The Louisiana Department of Agriculture and Forestry was initially tasked to be the regulatory agency for the state’s Medical Marijuana Program. However, as of August 1, 2022, medical marijuana regulation was transferred to the Louisiana Department of Health (LDH) by Act 491 and Act 492.
As mandated by the Alison Neustrom Act, the only licensed medical cannabis cultivators in the state are the Louisiana State University Agricultural Center and the Southern University Agricultural Center. According to Louisiana Administrative Code (LAC) 51:XXIX:101-907, the LDH can only issue the annual license renewal to cultivate medical cannabis to these two existing licensees on or before July 1 each year. Each is allowed only one contractor, referred to as a permittee, to cultivate, process, transport, and distribute medical cannabis.
Act 628 states that the two medical cannabis licensees must require contractors applying for permits to undergo competitive bidding, which Act 491 specifies to be compliant with the Louisiana Procurement Code. Each applicant must also undergo and pass a criminal history background check and apply to the LDH for the annual permit. Each contractor is required to pay the LDH a $10,000.00 nonrefundable application fee and a $100,000.00 annual license fee.
Act 491 and LAC 51:XXIX:101-907 state that the LDH is authorized to inspect the contractors’ cultivation facilities at least twice every fiscal year to ensure compliance with the following guidelines:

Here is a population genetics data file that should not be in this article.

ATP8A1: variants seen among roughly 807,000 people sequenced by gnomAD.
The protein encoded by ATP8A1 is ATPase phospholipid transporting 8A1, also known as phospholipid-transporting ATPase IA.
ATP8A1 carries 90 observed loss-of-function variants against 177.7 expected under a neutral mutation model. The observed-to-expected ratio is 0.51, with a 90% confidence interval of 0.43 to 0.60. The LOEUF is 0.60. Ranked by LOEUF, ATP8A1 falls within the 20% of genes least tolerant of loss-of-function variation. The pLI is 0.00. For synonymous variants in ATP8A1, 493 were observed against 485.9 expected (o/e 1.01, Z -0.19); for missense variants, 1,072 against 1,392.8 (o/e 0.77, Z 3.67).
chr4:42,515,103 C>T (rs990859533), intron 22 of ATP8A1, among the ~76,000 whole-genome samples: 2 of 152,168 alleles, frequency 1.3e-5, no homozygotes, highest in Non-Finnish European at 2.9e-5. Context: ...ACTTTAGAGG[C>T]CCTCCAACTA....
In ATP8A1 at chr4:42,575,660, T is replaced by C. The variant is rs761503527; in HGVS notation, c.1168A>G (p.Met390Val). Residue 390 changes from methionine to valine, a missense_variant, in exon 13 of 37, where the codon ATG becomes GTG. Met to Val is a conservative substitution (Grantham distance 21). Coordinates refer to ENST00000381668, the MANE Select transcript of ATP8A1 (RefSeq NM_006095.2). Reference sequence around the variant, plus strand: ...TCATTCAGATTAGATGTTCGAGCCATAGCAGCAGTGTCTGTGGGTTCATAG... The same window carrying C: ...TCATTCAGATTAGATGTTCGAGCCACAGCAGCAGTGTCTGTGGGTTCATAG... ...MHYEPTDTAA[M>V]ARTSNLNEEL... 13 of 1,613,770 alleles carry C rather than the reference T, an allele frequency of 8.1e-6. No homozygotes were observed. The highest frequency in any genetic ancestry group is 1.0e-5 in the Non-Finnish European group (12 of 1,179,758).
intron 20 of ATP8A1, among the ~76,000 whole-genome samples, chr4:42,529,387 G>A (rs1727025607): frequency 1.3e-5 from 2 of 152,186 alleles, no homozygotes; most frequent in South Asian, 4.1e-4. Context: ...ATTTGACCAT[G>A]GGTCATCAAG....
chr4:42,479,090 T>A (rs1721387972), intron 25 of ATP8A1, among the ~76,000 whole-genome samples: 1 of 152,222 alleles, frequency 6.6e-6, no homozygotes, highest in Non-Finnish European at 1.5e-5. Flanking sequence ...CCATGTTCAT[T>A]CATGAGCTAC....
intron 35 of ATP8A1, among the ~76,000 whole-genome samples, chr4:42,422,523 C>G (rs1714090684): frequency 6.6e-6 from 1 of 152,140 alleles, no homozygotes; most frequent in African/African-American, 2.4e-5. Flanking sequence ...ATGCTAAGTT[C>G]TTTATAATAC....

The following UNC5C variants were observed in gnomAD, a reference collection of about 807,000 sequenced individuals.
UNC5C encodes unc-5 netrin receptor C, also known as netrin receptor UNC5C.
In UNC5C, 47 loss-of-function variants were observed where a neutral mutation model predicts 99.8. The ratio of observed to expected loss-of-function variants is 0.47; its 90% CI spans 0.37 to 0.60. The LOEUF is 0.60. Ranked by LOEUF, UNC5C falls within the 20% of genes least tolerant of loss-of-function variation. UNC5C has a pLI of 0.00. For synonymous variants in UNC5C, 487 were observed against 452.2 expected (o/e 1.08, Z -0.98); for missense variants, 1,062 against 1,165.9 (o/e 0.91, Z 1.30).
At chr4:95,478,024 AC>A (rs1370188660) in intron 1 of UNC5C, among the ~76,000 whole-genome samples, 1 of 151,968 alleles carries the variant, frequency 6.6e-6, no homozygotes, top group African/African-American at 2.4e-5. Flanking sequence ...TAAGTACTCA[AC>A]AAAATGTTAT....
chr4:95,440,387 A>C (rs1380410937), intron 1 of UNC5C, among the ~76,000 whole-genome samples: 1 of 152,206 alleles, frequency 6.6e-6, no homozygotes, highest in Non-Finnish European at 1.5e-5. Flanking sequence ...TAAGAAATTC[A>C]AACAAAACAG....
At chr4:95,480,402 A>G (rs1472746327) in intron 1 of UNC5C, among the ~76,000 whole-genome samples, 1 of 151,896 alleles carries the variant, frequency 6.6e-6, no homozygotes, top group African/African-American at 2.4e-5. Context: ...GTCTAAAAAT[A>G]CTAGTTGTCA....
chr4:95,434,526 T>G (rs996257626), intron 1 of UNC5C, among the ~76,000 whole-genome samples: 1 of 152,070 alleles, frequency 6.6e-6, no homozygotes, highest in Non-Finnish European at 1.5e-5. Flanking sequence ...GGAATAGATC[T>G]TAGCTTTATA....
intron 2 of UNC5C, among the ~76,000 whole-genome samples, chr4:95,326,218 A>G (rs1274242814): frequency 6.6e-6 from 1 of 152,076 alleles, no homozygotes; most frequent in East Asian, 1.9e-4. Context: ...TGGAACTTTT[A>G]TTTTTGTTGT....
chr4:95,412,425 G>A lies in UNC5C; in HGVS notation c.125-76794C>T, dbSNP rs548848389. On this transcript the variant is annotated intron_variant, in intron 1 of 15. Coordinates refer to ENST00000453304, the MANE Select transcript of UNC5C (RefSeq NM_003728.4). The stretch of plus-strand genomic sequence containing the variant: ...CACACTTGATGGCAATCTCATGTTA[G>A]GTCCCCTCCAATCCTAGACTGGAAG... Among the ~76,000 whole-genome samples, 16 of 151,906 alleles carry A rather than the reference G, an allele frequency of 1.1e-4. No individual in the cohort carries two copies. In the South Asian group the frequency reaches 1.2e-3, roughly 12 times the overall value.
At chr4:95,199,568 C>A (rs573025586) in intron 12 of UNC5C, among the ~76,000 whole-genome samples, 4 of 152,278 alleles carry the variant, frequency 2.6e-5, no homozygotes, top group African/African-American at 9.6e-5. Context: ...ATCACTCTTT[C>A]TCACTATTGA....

The medical cannabis production facility must be completely indoors, fully enclosed by walls connected from the ground to the roof, and made of sturdy materials that are easy to clean.
The walls and floor must firmly stand on a strong foundation and slab.
There must be enough space for the cultivation, manufacturing, packaging, labeling, and storage of medical cannabis.
The medical cannabis production facility and its operations must be visually screened off completely and not be visible from beyond its boundaries.
There must not be any perceptible odors, noise, and light pollution emanating from the cultivation facility.
There must be adequate lighting and ventilation to prevent the development of mold and other contamination.
The medical cannabis production facility must meet applicable local and state standards on building, fire, electrical, and plumbing codes.
The facility must be secured with locks and a security system that includes alarms and continuously recording video surveillance with an on-site display monitor and date-and-time-stamped archiving. Archived recordings must be kept for 30 days at the minimum. Only authorized personnel must have access to surveillance monitoring and controls.